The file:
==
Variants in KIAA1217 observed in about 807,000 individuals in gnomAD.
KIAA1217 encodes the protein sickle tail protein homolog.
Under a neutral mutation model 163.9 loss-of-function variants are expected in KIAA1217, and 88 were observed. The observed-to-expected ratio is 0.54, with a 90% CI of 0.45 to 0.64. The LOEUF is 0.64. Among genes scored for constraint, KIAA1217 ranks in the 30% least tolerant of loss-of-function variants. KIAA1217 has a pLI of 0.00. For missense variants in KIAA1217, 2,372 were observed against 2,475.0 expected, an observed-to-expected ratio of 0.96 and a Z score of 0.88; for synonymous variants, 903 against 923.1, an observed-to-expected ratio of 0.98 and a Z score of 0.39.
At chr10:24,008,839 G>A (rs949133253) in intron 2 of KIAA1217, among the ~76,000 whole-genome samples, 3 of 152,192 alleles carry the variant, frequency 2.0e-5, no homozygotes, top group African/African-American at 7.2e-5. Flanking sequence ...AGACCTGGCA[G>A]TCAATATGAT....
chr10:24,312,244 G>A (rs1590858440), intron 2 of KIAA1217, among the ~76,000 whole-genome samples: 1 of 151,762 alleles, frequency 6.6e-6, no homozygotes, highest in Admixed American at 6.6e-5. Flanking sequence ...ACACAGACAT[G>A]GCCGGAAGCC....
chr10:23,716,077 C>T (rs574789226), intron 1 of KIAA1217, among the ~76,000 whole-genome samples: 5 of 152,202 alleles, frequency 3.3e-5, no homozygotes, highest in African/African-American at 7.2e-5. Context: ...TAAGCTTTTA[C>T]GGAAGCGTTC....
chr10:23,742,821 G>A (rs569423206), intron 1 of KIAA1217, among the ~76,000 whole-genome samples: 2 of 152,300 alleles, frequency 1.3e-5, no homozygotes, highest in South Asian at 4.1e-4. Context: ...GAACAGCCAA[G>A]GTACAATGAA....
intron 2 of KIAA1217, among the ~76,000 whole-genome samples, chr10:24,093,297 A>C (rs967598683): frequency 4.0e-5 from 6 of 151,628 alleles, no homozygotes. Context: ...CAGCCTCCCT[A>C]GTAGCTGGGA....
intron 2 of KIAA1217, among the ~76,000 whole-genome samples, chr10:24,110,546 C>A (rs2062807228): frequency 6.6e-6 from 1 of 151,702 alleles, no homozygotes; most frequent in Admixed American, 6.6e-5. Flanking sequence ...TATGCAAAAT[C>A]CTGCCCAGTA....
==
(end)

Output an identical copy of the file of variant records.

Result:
Variants in KIAA1217 observed in about 807,000 individuals in gnomAD.
KIAA1217 encodes the protein sickle tail protein homolog.
Under a neutral mutation model 163.9 loss-of-function variants are expected in KIAA1217, and 88 were observed. The observed-to-expected ratio is 0.54, with a 90% CI of 0.45 to 0.64. The LOEUF is 0.64. Among genes scored for constraint, KIAA1217 ranks in the 30% least tolerant of loss-of-function variants. KIAA1217 has a pLI of 0.00. For missense variants in KIAA1217, 2,372 were observed against 2,475.0 expected, an observed-to-expected ratio of 0.96 and a Z score of 0.88; for synonymous variants, 903 against 923.1, an observed-to-expected ratio of 0.98 and a Z score of 0.39.
At chr10:24,008,839 G>A (rs949133253) in intron 2 of KIAA1217, among the ~76,000 whole-genome samples, 3 of 152,192 alleles carry the variant, frequency 2.0e-5, no homozygotes, top group African/African-American at 7.2e-5. Flanking sequence ...AGACCTGGCA[G>A]TCAATATGAT....
chr10:24,312,244 G>A (rs1590858440), intron 2 of KIAA1217, among the ~76,000 whole-genome samples: 1 of 151,762 alleles, frequency 6.6e-6, no homozygotes, highest in Admixed American at 6.6e-5. Flanking sequence ...ACACAGACAT[G>A]GCCGGAAGCC....
chr10:23,716,077 C>T (rs574789226), intron 1 of KIAA1217, among the ~76,000 whole-genome samples: 5 of 152,202 alleles, frequency 3.3e-5, no homozygotes, highest in African/African-American at 7.2e-5. Context: ...TAAGCTTTTA[C>T]GGAAGCGTTC....
chr10:23,742,821 G>A (rs569423206), intron 1 of KIAA1217, among the ~76,000 whole-genome samples: 2 of 152,300 alleles, frequency 1.3e-5, no homozygotes, highest in South Asian at 4.1e-4. Context: ...GAACAGCCAA[G>A]GTACAATGAA....
intron 2 of KIAA1217, among the ~76,000 whole-genome samples, chr10:24,093,297 A>C (rs967598683): frequency 4.0e-5 from 6 of 151,628 alleles, no homozygotes. Context: ...CAGCCTCCCT[A>C]GTAGCTGGGA....
intron 2 of KIAA1217, among the ~76,000 whole-genome samples, chr10:24,110,546 C>A (rs2062807228): frequency 6.6e-6 from 1 of 151,702 alleles, no homozygotes; most frequent in Admixed American, 6.6e-5. Flanking sequence ...TATGCAAAAT[C>A]CTGCCCAGTA....